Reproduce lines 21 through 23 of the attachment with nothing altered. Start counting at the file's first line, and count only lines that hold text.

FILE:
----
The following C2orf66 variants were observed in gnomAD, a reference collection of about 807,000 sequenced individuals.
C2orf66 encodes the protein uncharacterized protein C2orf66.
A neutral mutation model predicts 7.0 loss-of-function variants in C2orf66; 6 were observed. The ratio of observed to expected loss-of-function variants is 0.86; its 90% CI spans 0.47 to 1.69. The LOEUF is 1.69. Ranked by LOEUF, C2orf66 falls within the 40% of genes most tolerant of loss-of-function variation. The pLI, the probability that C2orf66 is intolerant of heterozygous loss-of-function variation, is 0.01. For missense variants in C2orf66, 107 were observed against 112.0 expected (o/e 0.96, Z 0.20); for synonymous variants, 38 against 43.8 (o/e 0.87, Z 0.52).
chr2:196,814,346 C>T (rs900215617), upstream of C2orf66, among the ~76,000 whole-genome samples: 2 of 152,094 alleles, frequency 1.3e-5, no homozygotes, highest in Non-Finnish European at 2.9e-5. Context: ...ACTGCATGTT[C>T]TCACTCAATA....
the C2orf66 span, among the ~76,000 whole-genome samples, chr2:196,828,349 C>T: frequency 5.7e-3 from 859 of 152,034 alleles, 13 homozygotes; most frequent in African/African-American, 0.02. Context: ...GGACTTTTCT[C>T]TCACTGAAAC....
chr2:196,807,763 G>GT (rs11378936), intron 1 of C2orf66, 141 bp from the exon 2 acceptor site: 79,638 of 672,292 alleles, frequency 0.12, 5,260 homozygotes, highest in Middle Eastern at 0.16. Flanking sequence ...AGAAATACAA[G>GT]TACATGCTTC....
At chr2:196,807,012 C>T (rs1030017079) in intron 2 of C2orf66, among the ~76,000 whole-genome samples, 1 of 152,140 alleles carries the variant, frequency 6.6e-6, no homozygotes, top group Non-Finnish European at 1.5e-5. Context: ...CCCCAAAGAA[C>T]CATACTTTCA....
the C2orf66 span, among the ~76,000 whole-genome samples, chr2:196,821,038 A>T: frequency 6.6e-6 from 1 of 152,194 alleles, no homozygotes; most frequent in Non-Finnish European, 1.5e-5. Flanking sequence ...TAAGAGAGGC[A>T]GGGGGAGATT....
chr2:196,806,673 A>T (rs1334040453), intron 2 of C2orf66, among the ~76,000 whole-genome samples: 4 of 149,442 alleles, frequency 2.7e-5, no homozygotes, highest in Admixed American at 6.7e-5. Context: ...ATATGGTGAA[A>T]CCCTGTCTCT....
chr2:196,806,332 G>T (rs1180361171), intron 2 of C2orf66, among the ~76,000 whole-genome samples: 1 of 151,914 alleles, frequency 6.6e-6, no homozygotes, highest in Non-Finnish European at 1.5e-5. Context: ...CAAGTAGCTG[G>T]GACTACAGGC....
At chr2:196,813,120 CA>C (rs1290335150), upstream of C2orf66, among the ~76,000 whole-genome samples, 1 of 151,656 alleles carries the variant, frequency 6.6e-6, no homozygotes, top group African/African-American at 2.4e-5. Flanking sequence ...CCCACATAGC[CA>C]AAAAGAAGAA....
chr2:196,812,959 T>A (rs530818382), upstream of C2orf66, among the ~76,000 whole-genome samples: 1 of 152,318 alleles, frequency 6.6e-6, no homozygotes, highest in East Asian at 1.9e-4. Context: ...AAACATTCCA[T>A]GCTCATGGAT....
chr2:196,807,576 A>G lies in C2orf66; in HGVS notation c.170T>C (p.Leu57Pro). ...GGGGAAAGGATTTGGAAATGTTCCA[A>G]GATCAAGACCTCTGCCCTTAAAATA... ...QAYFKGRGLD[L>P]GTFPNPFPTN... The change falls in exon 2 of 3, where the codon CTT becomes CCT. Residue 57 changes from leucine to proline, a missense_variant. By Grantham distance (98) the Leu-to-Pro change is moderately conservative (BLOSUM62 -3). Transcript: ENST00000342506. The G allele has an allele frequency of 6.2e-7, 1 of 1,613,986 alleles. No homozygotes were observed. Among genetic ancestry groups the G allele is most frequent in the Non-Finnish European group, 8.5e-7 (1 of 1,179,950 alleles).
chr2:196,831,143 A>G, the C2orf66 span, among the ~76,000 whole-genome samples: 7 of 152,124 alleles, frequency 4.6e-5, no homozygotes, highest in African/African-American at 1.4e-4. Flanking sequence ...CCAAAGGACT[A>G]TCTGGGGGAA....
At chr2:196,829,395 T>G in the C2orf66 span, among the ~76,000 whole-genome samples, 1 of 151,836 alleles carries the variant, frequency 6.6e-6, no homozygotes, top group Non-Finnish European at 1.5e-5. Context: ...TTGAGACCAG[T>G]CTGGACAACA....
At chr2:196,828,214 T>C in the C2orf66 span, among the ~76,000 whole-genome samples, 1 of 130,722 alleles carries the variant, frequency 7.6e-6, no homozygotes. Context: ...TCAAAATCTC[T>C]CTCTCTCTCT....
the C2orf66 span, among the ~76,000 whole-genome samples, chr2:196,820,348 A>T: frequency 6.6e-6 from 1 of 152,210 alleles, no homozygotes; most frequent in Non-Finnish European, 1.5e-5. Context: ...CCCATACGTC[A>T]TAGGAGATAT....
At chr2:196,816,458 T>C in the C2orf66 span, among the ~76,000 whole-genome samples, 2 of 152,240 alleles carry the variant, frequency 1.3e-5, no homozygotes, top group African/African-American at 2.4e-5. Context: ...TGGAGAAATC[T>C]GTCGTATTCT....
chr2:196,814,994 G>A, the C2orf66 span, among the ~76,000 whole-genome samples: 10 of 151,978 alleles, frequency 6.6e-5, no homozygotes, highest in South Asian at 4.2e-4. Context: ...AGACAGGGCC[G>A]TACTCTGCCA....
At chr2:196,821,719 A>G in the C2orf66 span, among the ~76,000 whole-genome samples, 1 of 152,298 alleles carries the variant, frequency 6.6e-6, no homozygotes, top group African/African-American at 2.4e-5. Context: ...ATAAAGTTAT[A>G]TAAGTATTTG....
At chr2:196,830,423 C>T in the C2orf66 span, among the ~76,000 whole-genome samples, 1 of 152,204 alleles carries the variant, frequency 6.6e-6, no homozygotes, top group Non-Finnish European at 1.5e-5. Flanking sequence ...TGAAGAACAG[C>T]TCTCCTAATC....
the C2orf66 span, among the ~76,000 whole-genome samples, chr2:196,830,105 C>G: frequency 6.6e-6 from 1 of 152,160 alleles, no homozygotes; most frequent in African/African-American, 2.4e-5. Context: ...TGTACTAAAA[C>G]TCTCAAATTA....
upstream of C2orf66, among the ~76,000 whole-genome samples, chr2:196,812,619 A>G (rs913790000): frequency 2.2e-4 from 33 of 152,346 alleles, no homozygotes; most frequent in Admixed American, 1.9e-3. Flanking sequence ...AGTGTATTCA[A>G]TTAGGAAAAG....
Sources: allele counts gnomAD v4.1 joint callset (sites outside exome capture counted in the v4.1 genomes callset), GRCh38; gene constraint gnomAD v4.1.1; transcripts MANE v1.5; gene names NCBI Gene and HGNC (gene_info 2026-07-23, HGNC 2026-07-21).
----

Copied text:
At chr2:196,830,423 C>T in the C2orf66 span, among the ~76,000 whole-genome samples, 1 of 152,204 alleles carries the variant, frequency 6.6e-6, no homozygotes, top group Non-Finnish European at 1.5e-5. Flanking sequence ...TGAAGAACAG[C>T]TCTCCTAATC....
the C2orf66 span, among the ~76,000 whole-genome samples, chr2:196,830,105 C>G: frequency 6.6e-6 from 1 of 152,160 alleles, no homozygotes; most frequent in African/African-American, 2.4e-5. Context: ...TGTACTAAAA[C>G]TCTCAAATTA....
upstream of C2orf66, among the ~76,000 whole-genome samples, chr2:196,812,619 A>G (rs913790000): frequency 2.2e-4 from 33 of 152,346 alleles, no homozygotes; most frequent in Admixed American, 1.9e-3. Flanking sequence ...AGTGTATTCA[A>G]TTAGGAAAAG....